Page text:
Recently I had a customer stop by to have a brochure designed. He was really enthused about the project and wanted to show off all of the photos that he had taken of the job sites he worked at. He had done beautiful work, without question, however his photos were taken with his cell phone. His enthusiasm was quickly replaced with frustration when I told him that I couldn’t use the photos in the way he had hoped.
I run into this problem often. People take photos of things with their cell phones or a small pocket camera set at a low resolution. While photos like this are fine for viewing on a computer screen, they are not always suitable to print or print at an enlarged size. One project, the file size/resolution was so small, that full size printing of each photo was only about 1/2 inch tall by 1 inch wide. The photos my recent client brought me could only be printed at about a maximum of 1 1/2 inches wide by 2 inches high. He had hoped that at least one of the photos be printed much larger. Low resolution photos that are printed larger, end up looking blurry.
So remember, size matters. When taking photos for printing or enlarging, it is best to use a high resolution setting on your camera. Photo images can always be made smaller when they are too large, but it is impossible to make images larger when they are too small.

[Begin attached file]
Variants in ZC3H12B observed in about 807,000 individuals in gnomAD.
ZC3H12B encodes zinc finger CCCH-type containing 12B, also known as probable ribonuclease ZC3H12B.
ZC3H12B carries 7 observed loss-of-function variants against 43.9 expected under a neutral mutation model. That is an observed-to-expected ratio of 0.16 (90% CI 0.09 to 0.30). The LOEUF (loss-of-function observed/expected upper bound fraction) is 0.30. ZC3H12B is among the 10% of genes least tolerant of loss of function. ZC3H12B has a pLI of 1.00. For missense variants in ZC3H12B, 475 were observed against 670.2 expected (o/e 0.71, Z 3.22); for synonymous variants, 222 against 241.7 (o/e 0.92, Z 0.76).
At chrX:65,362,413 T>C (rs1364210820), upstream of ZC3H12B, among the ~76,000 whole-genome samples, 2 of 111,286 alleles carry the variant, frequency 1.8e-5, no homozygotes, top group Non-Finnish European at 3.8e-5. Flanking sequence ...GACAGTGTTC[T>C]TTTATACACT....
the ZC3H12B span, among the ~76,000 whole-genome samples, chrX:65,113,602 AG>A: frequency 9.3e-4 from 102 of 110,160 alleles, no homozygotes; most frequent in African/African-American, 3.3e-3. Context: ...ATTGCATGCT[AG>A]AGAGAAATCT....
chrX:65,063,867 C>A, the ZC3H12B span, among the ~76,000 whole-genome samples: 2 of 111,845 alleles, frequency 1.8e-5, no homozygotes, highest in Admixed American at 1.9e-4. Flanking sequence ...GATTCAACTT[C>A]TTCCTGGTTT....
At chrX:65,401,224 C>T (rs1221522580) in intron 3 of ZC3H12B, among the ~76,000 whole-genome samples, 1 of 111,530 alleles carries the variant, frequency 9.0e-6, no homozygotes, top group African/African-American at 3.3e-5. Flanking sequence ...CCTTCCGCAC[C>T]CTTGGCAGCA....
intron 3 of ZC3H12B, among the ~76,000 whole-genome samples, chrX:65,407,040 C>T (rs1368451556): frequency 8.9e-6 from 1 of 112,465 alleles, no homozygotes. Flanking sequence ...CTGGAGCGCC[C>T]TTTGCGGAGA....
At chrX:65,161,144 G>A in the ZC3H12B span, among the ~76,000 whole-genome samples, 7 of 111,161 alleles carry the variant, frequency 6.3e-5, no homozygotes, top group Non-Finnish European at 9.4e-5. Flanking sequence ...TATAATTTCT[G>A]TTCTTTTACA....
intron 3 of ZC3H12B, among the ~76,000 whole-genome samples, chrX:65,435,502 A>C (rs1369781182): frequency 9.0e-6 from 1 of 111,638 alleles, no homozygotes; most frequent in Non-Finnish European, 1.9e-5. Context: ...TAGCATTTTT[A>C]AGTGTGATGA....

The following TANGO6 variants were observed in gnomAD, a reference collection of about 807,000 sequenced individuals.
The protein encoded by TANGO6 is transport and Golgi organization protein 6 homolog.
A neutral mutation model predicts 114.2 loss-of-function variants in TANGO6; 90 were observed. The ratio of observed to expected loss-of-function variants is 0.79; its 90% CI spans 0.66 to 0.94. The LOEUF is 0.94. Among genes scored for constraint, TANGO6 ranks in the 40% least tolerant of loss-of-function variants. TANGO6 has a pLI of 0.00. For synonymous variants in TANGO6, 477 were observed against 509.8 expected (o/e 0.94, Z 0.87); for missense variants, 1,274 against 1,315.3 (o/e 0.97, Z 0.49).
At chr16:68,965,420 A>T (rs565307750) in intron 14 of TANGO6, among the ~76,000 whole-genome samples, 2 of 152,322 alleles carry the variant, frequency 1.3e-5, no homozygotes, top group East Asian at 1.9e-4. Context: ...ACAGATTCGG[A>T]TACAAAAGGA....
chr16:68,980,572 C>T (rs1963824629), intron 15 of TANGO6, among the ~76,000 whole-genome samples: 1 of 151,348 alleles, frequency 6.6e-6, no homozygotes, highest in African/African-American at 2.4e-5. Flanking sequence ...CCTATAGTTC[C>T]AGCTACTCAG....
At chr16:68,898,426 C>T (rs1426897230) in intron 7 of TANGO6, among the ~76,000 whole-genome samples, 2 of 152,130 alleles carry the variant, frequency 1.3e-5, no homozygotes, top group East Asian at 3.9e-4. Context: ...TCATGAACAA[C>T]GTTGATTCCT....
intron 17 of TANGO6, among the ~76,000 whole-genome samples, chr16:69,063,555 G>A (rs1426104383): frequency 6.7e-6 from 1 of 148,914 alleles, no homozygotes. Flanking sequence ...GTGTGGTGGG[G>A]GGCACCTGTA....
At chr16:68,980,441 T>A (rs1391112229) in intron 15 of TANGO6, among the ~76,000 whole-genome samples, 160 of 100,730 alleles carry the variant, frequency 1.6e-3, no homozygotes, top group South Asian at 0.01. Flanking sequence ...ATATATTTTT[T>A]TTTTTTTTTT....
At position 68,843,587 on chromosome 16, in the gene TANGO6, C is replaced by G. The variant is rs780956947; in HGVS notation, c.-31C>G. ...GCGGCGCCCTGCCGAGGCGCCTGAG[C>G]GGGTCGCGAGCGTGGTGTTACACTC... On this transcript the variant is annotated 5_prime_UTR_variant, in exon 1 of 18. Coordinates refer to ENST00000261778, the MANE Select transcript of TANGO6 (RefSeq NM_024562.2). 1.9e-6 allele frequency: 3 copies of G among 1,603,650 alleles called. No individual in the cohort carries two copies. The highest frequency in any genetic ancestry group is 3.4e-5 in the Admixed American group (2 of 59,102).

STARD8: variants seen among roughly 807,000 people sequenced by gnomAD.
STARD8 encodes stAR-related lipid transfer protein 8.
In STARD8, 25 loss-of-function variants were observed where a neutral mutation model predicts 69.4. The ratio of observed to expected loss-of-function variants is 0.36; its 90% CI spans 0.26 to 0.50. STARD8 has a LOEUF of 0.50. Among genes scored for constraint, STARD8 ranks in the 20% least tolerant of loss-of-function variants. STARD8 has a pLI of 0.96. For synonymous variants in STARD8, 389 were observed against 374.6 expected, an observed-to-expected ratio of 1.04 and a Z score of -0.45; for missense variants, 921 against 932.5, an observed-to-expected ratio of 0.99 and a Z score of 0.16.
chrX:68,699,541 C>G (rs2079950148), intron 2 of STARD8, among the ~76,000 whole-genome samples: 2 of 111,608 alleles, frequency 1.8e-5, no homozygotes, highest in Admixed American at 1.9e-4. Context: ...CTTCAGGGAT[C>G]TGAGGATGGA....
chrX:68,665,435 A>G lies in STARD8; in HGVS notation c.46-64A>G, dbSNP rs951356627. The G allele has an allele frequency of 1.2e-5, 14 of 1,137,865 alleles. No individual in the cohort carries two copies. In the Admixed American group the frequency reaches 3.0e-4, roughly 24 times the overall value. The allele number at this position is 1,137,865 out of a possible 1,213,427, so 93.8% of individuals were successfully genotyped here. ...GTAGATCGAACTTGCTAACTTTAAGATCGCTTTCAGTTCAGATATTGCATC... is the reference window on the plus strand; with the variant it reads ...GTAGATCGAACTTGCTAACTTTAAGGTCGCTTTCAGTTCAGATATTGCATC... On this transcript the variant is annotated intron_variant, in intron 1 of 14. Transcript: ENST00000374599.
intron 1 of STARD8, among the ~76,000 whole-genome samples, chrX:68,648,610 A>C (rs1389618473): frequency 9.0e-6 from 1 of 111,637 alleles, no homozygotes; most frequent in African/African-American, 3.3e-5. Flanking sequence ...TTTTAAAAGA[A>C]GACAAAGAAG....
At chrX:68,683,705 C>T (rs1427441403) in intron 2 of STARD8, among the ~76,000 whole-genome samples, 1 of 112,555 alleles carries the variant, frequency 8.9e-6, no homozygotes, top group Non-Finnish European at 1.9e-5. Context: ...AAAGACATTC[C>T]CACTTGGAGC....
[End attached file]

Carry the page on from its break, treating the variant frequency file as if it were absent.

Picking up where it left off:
Often, I get clients come in that have an idea for a graphic design project and then expect to have it done immediately. While we can usually start on the project immediately, graphic design takes time. The customer and designer must take time to talk through the project and get as many details as possible. What kind of project? What kind of paper? What kind of details are important? The designer will take notes and follow up with e-mails or phone calls for clarification later. Even the most simple design requires time to design it. Depending upon the project, the designer might create a few different designs for the customer to choose from. Once the designer is happy with the way it looks, the customer must then be contacted and have time to decide what they think. Do they like it the way it is? Do they want to change something? Is their idea being conveyed the way they explained? Did the customer forget or change their mind about something? Changes are done by the graphic designer and then re-submitted to the customer for additional review. Once the customer is happy with their project, the design is prepared to go to print. Depending upon the project, the printing process will take a few days to around 1 week. We have had clients come in 1 month prior to wanting a major project completed, and then continued to make changes the day of it needing to go to print! So please, give your project time to be developed, designed and printed. You will be happier with the results and your stress level won’t go through the roof!
The information provided by the author is not intended as a substitute for advice from a doctor... or a bus driver... or a mime.